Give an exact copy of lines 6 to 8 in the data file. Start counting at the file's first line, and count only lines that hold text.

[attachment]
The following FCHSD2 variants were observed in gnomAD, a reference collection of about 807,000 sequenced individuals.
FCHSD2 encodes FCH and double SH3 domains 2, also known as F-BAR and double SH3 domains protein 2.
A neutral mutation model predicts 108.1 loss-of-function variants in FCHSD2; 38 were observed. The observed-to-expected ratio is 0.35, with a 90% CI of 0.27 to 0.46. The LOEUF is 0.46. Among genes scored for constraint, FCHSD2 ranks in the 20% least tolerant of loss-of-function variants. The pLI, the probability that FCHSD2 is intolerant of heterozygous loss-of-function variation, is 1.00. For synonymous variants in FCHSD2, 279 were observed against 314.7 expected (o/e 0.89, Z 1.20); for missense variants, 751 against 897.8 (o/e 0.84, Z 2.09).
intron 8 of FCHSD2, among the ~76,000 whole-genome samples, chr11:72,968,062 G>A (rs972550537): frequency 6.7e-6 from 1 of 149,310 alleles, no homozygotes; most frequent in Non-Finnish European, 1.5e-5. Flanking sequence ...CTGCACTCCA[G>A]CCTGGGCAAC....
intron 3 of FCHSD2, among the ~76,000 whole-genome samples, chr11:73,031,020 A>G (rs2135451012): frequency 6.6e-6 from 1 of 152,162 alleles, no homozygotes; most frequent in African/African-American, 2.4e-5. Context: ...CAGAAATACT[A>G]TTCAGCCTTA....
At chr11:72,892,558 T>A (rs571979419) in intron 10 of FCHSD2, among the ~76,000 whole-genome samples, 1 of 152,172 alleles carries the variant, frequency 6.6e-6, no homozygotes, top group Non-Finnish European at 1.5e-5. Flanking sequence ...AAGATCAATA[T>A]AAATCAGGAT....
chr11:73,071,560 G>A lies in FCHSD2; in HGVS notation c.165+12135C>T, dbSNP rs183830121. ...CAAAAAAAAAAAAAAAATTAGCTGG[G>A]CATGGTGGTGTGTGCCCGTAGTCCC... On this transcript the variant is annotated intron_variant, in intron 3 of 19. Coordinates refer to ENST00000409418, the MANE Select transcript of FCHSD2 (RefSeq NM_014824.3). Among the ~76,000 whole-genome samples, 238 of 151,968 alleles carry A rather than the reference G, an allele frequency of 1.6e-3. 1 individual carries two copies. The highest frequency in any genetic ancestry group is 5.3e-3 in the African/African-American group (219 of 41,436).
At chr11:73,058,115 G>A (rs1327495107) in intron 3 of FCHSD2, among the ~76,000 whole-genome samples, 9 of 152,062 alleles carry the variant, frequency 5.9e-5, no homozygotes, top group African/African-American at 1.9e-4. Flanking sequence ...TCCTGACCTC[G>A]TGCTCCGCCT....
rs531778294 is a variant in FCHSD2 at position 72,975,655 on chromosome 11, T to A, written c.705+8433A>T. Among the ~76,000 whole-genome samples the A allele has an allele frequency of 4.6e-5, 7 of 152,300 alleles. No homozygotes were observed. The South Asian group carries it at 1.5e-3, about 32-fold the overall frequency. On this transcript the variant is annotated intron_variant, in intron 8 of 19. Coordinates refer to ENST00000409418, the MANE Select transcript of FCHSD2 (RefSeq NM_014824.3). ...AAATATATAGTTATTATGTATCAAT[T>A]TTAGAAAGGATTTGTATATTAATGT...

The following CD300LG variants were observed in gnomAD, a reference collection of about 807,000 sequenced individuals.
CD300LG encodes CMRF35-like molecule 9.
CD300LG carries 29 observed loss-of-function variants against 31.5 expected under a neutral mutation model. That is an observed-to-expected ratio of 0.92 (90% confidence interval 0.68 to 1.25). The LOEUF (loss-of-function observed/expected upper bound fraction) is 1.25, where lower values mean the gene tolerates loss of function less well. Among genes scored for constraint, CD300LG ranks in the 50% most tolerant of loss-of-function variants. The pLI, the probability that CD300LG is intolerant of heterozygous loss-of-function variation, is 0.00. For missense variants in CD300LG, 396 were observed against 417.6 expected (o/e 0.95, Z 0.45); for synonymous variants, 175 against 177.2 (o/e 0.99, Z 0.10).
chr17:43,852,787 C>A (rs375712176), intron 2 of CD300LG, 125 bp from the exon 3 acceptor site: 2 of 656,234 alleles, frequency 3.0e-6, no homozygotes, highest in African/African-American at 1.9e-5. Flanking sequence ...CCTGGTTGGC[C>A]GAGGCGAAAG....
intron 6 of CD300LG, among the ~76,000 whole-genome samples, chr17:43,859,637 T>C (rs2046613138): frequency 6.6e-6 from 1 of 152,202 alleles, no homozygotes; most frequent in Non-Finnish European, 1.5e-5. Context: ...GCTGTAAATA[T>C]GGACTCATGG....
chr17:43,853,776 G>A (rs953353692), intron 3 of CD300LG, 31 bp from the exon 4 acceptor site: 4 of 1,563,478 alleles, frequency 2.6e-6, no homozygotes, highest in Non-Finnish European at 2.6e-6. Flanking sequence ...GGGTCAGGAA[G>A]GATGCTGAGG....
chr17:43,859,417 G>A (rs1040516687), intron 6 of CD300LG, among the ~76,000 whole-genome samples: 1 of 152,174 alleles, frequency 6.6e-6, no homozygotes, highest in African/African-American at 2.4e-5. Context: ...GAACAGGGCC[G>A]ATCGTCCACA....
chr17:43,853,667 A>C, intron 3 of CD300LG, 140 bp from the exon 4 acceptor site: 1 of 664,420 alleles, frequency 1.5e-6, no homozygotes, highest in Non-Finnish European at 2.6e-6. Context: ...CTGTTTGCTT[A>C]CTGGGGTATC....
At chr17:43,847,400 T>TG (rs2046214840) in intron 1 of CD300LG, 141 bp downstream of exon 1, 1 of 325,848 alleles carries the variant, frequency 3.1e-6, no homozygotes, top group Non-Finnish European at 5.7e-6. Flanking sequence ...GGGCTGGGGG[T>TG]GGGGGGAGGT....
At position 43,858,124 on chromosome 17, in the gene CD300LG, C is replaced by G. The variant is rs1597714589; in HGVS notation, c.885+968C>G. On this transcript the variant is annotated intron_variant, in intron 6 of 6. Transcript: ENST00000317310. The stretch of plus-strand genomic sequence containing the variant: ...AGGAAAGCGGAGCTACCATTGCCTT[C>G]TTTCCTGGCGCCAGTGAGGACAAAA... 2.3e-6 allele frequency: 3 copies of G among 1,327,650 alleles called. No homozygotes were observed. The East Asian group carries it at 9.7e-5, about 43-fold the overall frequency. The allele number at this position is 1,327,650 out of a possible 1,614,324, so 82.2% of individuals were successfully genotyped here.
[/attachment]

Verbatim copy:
At chr11:72,892,558 T>A (rs571979419) in intron 10 of FCHSD2, among the ~76,000 whole-genome samples, 1 of 152,172 alleles carries the variant, frequency 6.6e-6, no homozygotes, top group Non-Finnish European at 1.5e-5. Flanking sequence ...AAGATCAATA[T>A]AAATCAGGAT....
chr11:73,071,560 G>A lies in FCHSD2; in HGVS notation c.165+12135C>T, dbSNP rs183830121. ...CAAAAAAAAAAAAAAAATTAGCTGG[G>A]CATGGTGGTGTGTGCCCGTAGTCCC... On this transcript the variant is annotated intron_variant, in intron 3 of 19. Coordinates refer to ENST00000409418, the MANE Select transcript of FCHSD2 (RefSeq NM_014824.3). Among the ~76,000 whole-genome samples, 238 of 151,968 alleles carry A rather than the reference G, an allele frequency of 1.6e-3. 1 individual carries two copies. The highest frequency in any genetic ancestry group is 5.3e-3 in the African/African-American group (219 of 41,436).
At chr11:73,058,115 G>A (rs1327495107) in intron 3 of FCHSD2, among the ~76,000 whole-genome samples, 9 of 152,062 alleles carry the variant, frequency 5.9e-5, no homozygotes, top group African/African-American at 1.9e-4. Flanking sequence ...TCCTGACCTC[G>A]TGCTCCGCCT....